Madelyn Kumar

Nikole Hannah-Jones, a staff-writer for The New York Times Magazine, gave a passionate speech Wednesday afternoon about the perils of systematic resegregation in the U.S. public school system and the responsibilities of white Americans to work toward integration. The talk, titled “The Problems We All Live With,” was given at Yale Law School to an audience of Yale students and faculty, as well as local educators, students and parents.

Hannah-Jones offered a brief history of race relations in America, from 1607 to the present day.  She aimed to dispel the “myths” of American racism, one of which is that violent segregation was a Southern problem. As evidence against this claim, Hannah-Jones pointed to the Boston bus riots and Connecticut rallies against integration. However, she argued that the most important misconception regarding racism in America is that it is a problem of the past.

“My father was born on a sharecropping farm in Mississippi,” she said. “We’re not liberated from this past at all.”

Hannah-Jones made clear that her words on the power of school integration were not merely matter of opinion and that school integration is “not a partisan issue.” In the years following the Brown v. Board of Education decision, the gap between black students and white students on reading assessments was cut in half, and that gap has widened considerably once again since 1988, the peak of school integration, she said. We create problems, she argued, when we forget that Brown v. Board was a decision that addressed racial caste, not resources.

Hannah-Jones urged the audience to consider the modern reality of a society with such a stark disparity in school quality and resources, asking, “Whose children should be sacrificed?” The answer, she explained, was clear: “black and brown children, the same children we always sacrifice.”

Hannah-Jones was not shy about assigning responsibility. Integration could be achieved, she argued, if white parents were willing to send their children to predominantly black public schools.“This is on white Americans,” she said. “I don’t think you can leave here and pretend you don’t know you’re making a choice.”  She spoke of her own decision to send her daughter to public school, stating, “I don’t think she deserves more than other kids.”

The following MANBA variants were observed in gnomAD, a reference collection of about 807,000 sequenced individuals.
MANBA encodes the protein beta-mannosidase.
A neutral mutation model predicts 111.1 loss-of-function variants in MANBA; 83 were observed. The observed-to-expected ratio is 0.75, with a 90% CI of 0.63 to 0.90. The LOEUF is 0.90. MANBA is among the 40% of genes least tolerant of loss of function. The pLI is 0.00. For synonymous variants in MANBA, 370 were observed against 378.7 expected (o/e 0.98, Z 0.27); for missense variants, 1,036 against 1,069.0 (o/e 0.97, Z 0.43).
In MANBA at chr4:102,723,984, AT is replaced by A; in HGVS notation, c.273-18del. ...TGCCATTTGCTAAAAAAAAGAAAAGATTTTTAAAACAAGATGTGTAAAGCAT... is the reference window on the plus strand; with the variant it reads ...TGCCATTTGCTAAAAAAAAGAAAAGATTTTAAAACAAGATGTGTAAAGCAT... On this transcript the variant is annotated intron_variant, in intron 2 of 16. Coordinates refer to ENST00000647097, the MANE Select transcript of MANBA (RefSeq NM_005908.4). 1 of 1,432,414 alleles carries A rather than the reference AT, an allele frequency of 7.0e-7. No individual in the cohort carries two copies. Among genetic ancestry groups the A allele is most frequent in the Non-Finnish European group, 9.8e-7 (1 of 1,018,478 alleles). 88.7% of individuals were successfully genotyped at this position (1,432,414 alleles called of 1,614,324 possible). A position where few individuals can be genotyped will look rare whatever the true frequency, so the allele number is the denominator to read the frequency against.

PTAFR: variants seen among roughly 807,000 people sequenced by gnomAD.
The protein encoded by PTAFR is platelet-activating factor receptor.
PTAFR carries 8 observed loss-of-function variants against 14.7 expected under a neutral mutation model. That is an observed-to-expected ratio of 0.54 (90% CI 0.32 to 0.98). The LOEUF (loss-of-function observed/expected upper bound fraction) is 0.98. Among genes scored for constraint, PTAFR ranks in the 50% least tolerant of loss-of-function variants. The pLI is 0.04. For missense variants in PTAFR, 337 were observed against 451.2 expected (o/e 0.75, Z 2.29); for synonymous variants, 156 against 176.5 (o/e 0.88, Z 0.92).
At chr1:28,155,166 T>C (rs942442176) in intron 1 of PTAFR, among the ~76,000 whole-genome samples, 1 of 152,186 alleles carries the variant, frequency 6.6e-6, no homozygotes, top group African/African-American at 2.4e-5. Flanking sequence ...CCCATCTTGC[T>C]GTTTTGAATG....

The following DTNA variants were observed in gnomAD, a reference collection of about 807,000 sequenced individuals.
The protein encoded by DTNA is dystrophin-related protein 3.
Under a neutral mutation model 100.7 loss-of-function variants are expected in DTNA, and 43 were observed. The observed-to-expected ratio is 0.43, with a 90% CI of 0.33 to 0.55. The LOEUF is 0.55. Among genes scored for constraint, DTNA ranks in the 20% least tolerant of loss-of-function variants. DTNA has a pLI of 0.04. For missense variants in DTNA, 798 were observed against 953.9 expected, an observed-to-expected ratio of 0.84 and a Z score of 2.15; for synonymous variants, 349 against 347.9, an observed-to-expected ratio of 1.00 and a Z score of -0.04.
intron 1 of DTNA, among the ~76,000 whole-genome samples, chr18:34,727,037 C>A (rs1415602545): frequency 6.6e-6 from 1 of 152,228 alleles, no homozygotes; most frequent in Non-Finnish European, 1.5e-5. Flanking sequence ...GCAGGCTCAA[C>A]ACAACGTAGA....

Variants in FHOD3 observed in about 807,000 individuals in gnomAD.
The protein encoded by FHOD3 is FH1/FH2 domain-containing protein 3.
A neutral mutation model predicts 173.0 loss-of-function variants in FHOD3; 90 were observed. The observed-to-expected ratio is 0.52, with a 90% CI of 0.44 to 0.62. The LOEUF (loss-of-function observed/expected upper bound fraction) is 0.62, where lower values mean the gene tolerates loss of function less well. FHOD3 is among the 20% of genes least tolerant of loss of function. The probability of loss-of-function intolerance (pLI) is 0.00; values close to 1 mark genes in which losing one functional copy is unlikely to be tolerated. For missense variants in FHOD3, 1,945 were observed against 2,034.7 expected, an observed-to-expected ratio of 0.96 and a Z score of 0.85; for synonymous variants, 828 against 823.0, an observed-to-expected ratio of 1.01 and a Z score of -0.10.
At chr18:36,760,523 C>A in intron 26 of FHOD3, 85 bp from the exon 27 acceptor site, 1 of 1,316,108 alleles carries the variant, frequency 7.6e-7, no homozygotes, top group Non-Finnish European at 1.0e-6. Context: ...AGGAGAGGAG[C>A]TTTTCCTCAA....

Hannah-Jones told the audience that sending white children to public schools has been proven to not affect the test scores of those children. “What integration does is make sure black kids get what white kids always get,” she said.

This message seemed to resonate with the members of the audience, many of whom were parents in the local district. Shelley White, a lawyer with New Haven Legal Assistance, told the News that she came to the speech because she has “read [Hannah-Jones’] articles in The New York Times and [has] been very impressed with her writing and her point of view,” particularly her recent writing on school resegregation in Brooklyn.

She also asked the Yale community to re-evaluate its position of power. “If this was an issue that Yale felt was important, think about how much influence it could have,” she said.  Many students in the audience applauded her daringness in this claim and others.  “I think she brings attention to issues in this country that people might not want to talk about,” Gabby Deutch ’18 said.

Hannah-Jones’ talk was presented by the Education Studies Program with support and sponsorship from various campus centers. Her work can be found in many publications including The New York Times, The Atlantic, ProPublica and The Oregonian and the podcast “This American Life.”

Faith Tomlin |

Lindsay Daugherty |